- Our policy on the prevention and management of bullying is set out in a separate policy and acknowledges that to allow or condone bullying may lead to consideration under child protection procedures. Bullying is a safeguarding matter that if left unresolved can become a child protection matter. Our setting will take seriously any bullying concerns and both investigate and take action to protect pupils where appropriate.
- We will liaise with the anti-bullying co-ordinator from OCC where appropriate http://schools.oxfordshire.gov.uk/cms/content/anti-bullying
- See full details in our anti-bullying policy
- Health & Safety
- Our Health & Safety policy, reflects the consideration we give to the protection of our children both physically within the school environment and, for example, in relation to internet use, and when away from the school when undertaking school trips and visits.
- See full details in our health and safety policy
- Children with Special Educational Needs
At our setting we recognise that children with special educational needs (SEN) and disabilities can face additional safeguarding challenges. This policy reflects the fact that additional barriers can exist when recognising abuse and neglect in this group of children. This can include:
- assumptions that indicators of possible abuse such as behaviour, mood and injury relate to the child’s disability without further exploration;
- children with SEN and disabilities can be disproportionally impacted by things like bullying- without outwardly showing any signs; and
- communication barriers and difficulties in overcoming these barriers.
- Types of abuse and neglect
All school staff should be aware that abuse, neglect and safeguarding issues are rarely standalone events that can be covered by one definition or label. In most cases multiple issues will overlap with one another.
- Abuse: a form of maltreatment of a child. Somebody may abuse or neglect a child by inflicting harm or by failing to act to prevent harm. Children may be abused in a family or in an institutional or community setting by those known to them or, more rarely, by others (e.g. via the internet). They may be abused by an adult or adults or another child or children.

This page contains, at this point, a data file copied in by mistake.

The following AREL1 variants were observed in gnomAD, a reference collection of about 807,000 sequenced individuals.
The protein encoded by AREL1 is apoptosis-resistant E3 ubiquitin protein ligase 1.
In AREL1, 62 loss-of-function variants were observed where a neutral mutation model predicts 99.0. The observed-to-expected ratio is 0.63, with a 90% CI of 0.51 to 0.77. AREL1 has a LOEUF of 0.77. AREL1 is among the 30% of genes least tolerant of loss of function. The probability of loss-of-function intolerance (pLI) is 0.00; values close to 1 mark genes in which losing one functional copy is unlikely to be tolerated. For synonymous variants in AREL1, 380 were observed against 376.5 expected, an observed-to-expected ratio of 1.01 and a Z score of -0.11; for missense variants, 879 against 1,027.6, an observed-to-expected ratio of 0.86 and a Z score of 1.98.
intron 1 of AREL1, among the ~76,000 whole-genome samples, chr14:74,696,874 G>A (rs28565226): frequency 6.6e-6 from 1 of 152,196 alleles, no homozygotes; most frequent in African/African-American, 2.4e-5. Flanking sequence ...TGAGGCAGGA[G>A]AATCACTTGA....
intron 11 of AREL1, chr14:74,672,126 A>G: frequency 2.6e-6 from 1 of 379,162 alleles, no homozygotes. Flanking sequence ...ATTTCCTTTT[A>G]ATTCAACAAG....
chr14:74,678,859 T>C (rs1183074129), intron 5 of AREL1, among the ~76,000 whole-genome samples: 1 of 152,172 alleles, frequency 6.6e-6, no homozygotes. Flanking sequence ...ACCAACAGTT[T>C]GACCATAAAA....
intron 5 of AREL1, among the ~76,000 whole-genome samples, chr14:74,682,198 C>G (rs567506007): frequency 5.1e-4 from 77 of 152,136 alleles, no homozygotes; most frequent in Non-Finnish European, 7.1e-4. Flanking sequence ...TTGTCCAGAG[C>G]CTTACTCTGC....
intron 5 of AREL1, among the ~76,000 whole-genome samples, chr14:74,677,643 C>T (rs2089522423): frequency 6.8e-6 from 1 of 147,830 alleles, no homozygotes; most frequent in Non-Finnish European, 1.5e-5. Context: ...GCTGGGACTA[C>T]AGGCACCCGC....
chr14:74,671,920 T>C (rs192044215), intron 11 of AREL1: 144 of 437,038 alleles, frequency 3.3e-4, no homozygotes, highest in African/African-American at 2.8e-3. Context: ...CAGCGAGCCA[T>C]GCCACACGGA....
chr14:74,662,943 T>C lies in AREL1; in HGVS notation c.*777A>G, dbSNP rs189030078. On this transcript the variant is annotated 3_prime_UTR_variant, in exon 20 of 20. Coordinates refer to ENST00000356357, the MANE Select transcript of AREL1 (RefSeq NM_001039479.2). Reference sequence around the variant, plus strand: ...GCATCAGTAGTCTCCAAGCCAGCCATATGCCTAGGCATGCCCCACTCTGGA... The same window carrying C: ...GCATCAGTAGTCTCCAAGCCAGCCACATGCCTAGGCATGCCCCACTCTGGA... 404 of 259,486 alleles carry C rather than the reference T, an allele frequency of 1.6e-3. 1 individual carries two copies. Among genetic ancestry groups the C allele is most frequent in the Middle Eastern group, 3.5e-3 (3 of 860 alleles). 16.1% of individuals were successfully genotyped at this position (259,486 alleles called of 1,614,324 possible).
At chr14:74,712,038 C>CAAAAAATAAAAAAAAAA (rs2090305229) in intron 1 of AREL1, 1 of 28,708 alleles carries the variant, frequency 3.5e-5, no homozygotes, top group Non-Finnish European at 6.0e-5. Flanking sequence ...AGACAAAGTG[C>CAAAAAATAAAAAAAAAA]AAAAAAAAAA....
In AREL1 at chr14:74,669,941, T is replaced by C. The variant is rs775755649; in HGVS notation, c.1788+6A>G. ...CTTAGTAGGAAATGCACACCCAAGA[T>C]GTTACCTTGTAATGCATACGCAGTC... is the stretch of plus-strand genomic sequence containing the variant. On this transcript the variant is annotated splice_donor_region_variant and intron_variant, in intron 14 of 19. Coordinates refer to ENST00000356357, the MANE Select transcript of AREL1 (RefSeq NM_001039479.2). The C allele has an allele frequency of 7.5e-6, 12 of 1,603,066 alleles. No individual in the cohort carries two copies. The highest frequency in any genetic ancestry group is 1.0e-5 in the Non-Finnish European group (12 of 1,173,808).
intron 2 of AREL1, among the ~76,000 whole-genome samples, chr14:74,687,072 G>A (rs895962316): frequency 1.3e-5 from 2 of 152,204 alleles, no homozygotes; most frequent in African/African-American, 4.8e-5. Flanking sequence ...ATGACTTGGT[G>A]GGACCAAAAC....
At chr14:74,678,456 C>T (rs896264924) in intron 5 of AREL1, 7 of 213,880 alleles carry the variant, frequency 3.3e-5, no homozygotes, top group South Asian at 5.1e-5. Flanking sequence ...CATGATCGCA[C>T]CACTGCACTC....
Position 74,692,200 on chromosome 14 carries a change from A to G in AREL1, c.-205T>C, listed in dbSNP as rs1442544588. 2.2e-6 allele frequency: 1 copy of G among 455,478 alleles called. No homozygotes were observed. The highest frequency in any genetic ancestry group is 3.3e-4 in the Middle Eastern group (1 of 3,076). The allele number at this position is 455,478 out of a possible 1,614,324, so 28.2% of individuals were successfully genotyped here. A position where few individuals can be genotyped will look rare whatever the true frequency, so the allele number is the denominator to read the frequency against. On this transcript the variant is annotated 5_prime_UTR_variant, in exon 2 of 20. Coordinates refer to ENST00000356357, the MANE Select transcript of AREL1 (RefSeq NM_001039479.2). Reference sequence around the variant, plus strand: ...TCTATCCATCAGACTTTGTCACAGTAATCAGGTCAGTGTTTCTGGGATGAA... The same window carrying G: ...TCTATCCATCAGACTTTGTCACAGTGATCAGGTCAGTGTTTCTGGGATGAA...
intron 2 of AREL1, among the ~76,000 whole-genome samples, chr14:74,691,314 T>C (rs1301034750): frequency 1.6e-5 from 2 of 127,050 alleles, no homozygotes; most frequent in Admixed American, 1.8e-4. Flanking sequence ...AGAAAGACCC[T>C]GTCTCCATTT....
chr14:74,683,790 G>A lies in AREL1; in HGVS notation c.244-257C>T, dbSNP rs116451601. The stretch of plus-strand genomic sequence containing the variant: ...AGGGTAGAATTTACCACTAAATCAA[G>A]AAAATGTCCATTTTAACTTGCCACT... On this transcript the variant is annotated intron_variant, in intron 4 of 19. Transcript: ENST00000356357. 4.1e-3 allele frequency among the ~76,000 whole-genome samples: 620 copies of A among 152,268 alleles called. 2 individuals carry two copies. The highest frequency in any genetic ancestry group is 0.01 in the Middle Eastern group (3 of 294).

- Physical abuse: a form of abuse which may involve hitting, shaking, throwing, poisoning, burning or scalding, drowning, suffocating or otherwise causing physical harm to a child. Physical harm may also be caused when a parent or carer fabricates the symptoms of, or deliberately induces, illness in a child.
- Emotional abuse: the persistent emotional maltreatment of a child such as to cause severe and adverse effects on the child’s emotional development. It may involve conveying to a child that they are worthless or unloved, inadequate, or valued only insofar as they meet the needs of another person. It may include not giving the child opportunities to express their views, deliberately silencing them or ‘making fun’ of what they say or how they communicate. It may feature age or developmentally inappropriate expectations being imposed on children. These may include interactions that are beyond a child’s developmental capability as well as overprotection and limitation of exploration and learning, or preventing the child participating in normal social interaction. It may involve seeing or hearing the ill-treatment of another. It may involve serious bullying (including cyberbullying), causing children frequently to feel frightened or in danger, or the exploitation or corruption of children. Some level of emotional abuse is involved in all types of maltreatment of a child, although it may occur alone.
- Sexual abuse: involves forcing or enticing a child or young person to take part in sexual activities, not necessarily involving a high level of violence, whether or not the child is aware of what is happening. The activities may involve physical contact, including assault by penetration (for example rape or oral sex) or non-penetrative acts such as masturbation, kissing, rubbing and touching outside of clothing. They may also include non-contact activities, such as involving children in looking at, or in the production of, sexual images, watching sexual activities, encouraging children to behave in sexually inappropriate ways, or grooming a child in preparation for abuse (including via the internet). Sexual abuse is not solely perpetrated by adult males. Women can also commit acts of sexual abuse, as can other children.
- Neglect: the persistent failure to meet a child’s basic physical and/or psychological needs, likely to result in the serious impairment of the child’s health or development. Neglect may occur during pregnancy as a result of maternal substance abuse. Once a child is born, neglect may involve a parent or carer failing to: provide adequate food, clothing and shelter (including exclusion from home or abandonment); protect a child from physical and emotional harm or danger; ensure adequate supervision (including the use of inadequate care-givers); or ensure access to appropriate medical care or treatment. It may also include neglect of, or unresponsiveness to, a child’s basic emotional needs.
- Specific safeguarding issues
- All staff have an awareness of safeguarding issues- some of which are listed below. Staff are made aware that behaviours linked to the likes of drug taking, alcohol abuse, truanting and sexting put children in danger.
- All staff are made aware that safeguarding issues can manifest themselves via peer on peer abuse. This is most likely to include, but not limited to: bullying (including cyber bullying), gender based violence/sexual assaults and sexting. Staff are made clear of our policy and procedures with regards to peer on peer abuse.